The FQCW266-10-C deep-ultraviolet (DUV) laser from CryLaS (Berlin, Germany) emits 10 mW output power at 266 nm. Based on the company's diode-pumped, frequency-quadrupled Nd:YVO4 resonator design, the laser's size and production cost were optimized to allow simple integration in OEM systems. Specifications include power consumption of 70 W, DUV radiation emitted at 266 nm with coherence length >1000 m, and a narrow linewidth <300 kHz. Applications include photoluminescence, UV Raman spectroscopy, laser-induced fluorescence, and metrology and optics testing.
CryLaS, Hall B2, Booth 104 | Get more information
Precision optical blanks
Dynasil Fused Silica (West Berlin, NJ) fabricates optical materials, including synthetic fused silica and fused quartz products, vital to the manufacturing of lasers, semiconductors, electronics, and an assortment of energy and aerospace applications. In addition to producing blanks with low thermal expansion, chemical resistance, and excellent optical quality, the company provides in-house finishing capabilities to drill, grind, and edge glass to customer specifications.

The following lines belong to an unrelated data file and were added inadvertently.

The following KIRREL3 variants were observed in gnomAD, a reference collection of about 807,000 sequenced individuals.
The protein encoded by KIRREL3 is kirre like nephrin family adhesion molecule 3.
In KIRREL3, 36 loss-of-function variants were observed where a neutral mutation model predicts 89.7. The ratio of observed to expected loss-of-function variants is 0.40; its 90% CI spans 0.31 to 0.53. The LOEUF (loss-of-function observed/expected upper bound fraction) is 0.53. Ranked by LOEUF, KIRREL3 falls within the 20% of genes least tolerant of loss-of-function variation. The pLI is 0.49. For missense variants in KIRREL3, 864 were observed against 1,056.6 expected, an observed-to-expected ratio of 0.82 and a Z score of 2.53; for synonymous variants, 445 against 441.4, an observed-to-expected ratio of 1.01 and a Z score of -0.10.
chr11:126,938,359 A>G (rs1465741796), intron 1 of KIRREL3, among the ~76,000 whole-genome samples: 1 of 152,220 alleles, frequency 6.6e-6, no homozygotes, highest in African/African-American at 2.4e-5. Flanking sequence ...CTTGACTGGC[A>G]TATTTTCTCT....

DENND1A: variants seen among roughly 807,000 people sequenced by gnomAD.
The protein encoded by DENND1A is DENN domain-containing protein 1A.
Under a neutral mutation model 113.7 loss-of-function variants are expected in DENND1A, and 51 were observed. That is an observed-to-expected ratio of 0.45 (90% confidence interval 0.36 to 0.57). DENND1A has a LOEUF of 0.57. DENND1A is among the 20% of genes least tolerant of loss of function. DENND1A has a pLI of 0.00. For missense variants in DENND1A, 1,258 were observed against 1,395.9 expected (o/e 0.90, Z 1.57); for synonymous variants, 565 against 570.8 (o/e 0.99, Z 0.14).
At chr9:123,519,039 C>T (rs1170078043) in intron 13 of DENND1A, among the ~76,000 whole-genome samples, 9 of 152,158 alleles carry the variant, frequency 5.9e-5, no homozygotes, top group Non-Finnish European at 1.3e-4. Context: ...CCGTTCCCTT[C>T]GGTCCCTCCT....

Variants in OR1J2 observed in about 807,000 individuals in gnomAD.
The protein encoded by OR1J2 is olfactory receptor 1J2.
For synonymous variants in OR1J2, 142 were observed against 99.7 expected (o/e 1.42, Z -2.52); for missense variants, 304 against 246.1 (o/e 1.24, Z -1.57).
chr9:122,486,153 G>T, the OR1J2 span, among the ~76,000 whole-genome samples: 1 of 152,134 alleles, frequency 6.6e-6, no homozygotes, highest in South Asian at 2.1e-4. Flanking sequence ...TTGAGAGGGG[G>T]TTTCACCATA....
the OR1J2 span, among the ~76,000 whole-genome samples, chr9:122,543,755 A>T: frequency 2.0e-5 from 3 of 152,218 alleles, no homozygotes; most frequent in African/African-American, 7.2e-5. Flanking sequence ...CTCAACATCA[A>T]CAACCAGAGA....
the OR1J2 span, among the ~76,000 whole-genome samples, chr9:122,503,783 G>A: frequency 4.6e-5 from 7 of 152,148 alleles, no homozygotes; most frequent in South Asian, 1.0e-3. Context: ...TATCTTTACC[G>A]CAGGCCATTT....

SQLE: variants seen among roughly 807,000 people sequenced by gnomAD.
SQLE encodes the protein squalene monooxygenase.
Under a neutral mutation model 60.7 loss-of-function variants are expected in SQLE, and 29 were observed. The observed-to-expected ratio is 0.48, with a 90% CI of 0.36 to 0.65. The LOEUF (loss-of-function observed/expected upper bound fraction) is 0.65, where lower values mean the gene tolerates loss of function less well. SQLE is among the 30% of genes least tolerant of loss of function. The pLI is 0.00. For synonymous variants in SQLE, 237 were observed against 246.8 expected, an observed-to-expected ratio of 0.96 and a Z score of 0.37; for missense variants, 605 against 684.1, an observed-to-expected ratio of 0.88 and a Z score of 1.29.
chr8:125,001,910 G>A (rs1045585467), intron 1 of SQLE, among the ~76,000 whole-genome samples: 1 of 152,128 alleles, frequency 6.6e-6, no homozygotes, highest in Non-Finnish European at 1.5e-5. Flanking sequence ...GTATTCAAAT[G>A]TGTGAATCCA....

Dynasil Fused Silica, Hall B2, Booth 116 | Get more information
High-voltage power supply
The HVS100 series high-voltage power supply from EKSMA Optics (Vilnius, Lithuania) is designed for powering of Pockels cells drivers, but it can also be used for other electronic devices and laboratory applications in the laboratory. The power supply features two voltage output channels—an adjustable high-voltage output channel and 24 V DC output channel. Required high-voltage value can be set and adjusted in the limits from -40% of maximal specified voltage to maximal specified voltage (-40% Umax to Umax).
EKSMA Optics, Hall B3, Booth 407 | Get more information
Femtosecond fiber laser
The FemtoLux green femtosecond fiber laser from Ekspla (Vilnius, Lithuania) has utilities in multiphoton polymerization, writing of fiber Bragg gratings, volume modification of transparent materials, nonlinear microscopy, silicon and sapphire scribing, and laser marking. The laser delivers 1.5 W at 515 nm or 3 W at 1030 nm average power and up to 3 µJ femtosecond pulse energy. The laser provides linearly polarized light with polarization extinction ratio >1000:1, allowing generation of second harmonic with >50% efficiency.
Ekspla, Hall B3, Booth 403 | Get more information